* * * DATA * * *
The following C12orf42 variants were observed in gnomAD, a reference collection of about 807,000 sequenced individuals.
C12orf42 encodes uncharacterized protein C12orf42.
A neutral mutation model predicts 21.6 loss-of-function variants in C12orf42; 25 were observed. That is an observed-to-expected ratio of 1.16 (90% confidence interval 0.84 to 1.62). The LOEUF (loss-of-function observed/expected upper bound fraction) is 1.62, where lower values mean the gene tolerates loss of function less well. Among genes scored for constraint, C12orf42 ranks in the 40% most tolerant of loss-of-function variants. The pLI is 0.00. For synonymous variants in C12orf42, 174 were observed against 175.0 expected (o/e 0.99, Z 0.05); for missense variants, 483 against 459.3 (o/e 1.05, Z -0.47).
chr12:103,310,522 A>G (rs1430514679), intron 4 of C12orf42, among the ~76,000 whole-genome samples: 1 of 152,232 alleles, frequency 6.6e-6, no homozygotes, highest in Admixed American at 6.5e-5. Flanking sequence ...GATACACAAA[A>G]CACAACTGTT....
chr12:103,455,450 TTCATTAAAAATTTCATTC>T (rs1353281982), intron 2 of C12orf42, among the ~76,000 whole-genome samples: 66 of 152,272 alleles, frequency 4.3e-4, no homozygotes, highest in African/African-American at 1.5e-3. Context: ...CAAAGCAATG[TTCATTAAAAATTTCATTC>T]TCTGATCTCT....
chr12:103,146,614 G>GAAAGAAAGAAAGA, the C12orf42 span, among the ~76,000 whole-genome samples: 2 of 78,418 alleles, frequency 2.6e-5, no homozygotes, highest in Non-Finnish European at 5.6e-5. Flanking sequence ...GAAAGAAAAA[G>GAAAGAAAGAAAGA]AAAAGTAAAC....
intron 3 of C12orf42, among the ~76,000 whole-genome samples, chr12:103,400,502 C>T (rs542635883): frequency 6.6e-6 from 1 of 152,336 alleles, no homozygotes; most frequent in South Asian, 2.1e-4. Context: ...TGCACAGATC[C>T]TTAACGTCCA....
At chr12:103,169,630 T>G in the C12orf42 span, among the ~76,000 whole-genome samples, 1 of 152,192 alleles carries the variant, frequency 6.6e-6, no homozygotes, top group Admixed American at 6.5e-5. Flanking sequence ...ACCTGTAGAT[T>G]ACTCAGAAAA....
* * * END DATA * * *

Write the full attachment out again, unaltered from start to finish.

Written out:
The following C12orf42 variants were observed in gnomAD, a reference collection of about 807,000 sequenced individuals.
C12orf42 encodes uncharacterized protein C12orf42.
A neutral mutation model predicts 21.6 loss-of-function variants in C12orf42; 25 were observed. That is an observed-to-expected ratio of 1.16 (90% confidence interval 0.84 to 1.62). The LOEUF (loss-of-function observed/expected upper bound fraction) is 1.62, where lower values mean the gene tolerates loss of function less well. Among genes scored for constraint, C12orf42 ranks in the 40% most tolerant of loss-of-function variants. The pLI is 0.00. For synonymous variants in C12orf42, 174 were observed against 175.0 expected (o/e 0.99, Z 0.05); for missense variants, 483 against 459.3 (o/e 1.05, Z -0.47).
chr12:103,310,522 A>G (rs1430514679), intron 4 of C12orf42, among the ~76,000 whole-genome samples: 1 of 152,232 alleles, frequency 6.6e-6, no homozygotes, highest in Admixed American at 6.5e-5. Flanking sequence ...GATACACAAA[A>G]CACAACTGTT....
chr12:103,455,450 TTCATTAAAAATTTCATTC>T (rs1353281982), intron 2 of C12orf42, among the ~76,000 whole-genome samples: 66 of 152,272 alleles, frequency 4.3e-4, no homozygotes, highest in African/African-American at 1.5e-3. Context: ...CAAAGCAATG[TTCATTAAAAATTTCATTC>T]TCTGATCTCT....
chr12:103,146,614 G>GAAAGAAAGAAAGA, the C12orf42 span, among the ~76,000 whole-genome samples: 2 of 78,418 alleles, frequency 2.6e-5, no homozygotes, highest in Non-Finnish European at 5.6e-5. Flanking sequence ...GAAAGAAAAA[G>GAAAGAAAGAAAGA]AAAAGTAAAC....
intron 3 of C12orf42, among the ~76,000 whole-genome samples, chr12:103,400,502 C>T (rs542635883): frequency 6.6e-6 from 1 of 152,336 alleles, no homozygotes; most frequent in South Asian, 2.1e-4. Context: ...TGCACAGATC[C>T]TTAACGTCCA....
At chr12:103,169,630 T>G in the C12orf42 span, among the ~76,000 whole-genome samples, 1 of 152,192 alleles carries the variant, frequency 6.6e-6, no homozygotes, top group Admixed American at 6.5e-5. Flanking sequence ...ACCTGTAGAT[T>G]ACTCAGAAAA....